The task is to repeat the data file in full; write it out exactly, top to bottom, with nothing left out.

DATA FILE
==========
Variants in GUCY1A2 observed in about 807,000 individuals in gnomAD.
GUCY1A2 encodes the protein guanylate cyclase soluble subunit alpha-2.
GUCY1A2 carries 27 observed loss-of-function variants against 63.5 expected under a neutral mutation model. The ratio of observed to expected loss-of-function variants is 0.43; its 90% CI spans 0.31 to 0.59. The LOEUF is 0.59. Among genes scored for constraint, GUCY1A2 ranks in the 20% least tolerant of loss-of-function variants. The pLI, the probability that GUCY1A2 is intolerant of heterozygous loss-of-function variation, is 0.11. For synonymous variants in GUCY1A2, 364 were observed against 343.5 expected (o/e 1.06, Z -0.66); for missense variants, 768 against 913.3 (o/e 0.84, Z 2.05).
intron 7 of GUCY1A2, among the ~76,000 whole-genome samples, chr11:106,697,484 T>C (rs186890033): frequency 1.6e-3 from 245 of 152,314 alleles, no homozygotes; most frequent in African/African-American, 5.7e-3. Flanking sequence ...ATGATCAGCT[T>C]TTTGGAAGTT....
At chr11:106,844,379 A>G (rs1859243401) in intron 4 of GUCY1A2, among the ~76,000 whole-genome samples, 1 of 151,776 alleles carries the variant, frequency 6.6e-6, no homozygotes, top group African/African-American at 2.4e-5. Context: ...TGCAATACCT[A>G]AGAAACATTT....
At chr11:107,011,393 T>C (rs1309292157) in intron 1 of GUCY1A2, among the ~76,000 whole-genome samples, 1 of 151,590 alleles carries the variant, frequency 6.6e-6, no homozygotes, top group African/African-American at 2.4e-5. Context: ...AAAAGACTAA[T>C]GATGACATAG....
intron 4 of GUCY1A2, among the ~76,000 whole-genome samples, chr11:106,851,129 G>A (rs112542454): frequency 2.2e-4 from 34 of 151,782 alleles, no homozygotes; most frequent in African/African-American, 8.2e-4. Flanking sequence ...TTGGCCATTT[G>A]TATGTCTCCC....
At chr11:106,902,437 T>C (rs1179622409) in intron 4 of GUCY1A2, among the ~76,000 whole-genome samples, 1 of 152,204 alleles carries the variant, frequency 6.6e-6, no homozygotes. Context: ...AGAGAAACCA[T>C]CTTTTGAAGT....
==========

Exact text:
Variants in GUCY1A2 observed in about 807,000 individuals in gnomAD.
GUCY1A2 encodes the protein guanylate cyclase soluble subunit alpha-2.
GUCY1A2 carries 27 observed loss-of-function variants against 63.5 expected under a neutral mutation model. The ratio of observed to expected loss-of-function variants is 0.43; its 90% CI spans 0.31 to 0.59. The LOEUF is 0.59. Among genes scored for constraint, GUCY1A2 ranks in the 20% least tolerant of loss-of-function variants. The pLI, the probability that GUCY1A2 is intolerant of heterozygous loss-of-function variation, is 0.11. For synonymous variants in GUCY1A2, 364 were observed against 343.5 expected (o/e 1.06, Z -0.66); for missense variants, 768 against 913.3 (o/e 0.84, Z 2.05).
intron 7 of GUCY1A2, among the ~76,000 whole-genome samples, chr11:106,697,484 T>C (rs186890033): frequency 1.6e-3 from 245 of 152,314 alleles, no homozygotes; most frequent in African/African-American, 5.7e-3. Flanking sequence ...ATGATCAGCT[T>C]TTTGGAAGTT....
At chr11:106,844,379 A>G (rs1859243401) in intron 4 of GUCY1A2, among the ~76,000 whole-genome samples, 1 of 151,776 alleles carries the variant, frequency 6.6e-6, no homozygotes, top group African/African-American at 2.4e-5. Context: ...TGCAATACCT[A>G]AGAAACATTT....
At chr11:107,011,393 T>C (rs1309292157) in intron 1 of GUCY1A2, among the ~76,000 whole-genome samples, 1 of 151,590 alleles carries the variant, frequency 6.6e-6, no homozygotes, top group African/African-American at 2.4e-5. Context: ...AAAAGACTAA[T>C]GATGACATAG....
intron 4 of GUCY1A2, among the ~76,000 whole-genome samples, chr11:106,851,129 G>A (rs112542454): frequency 2.2e-4 from 34 of 151,782 alleles, no homozygotes; most frequent in African/African-American, 8.2e-4. Flanking sequence ...TTGGCCATTT[G>A]TATGTCTCCC....
At chr11:106,902,437 T>C (rs1179622409) in intron 4 of GUCY1A2, among the ~76,000 whole-genome samples, 1 of 152,204 alleles carries the variant, frequency 6.6e-6, no homozygotes. Context: ...AGAGAAACCA[T>C]CTTTTGAAGT....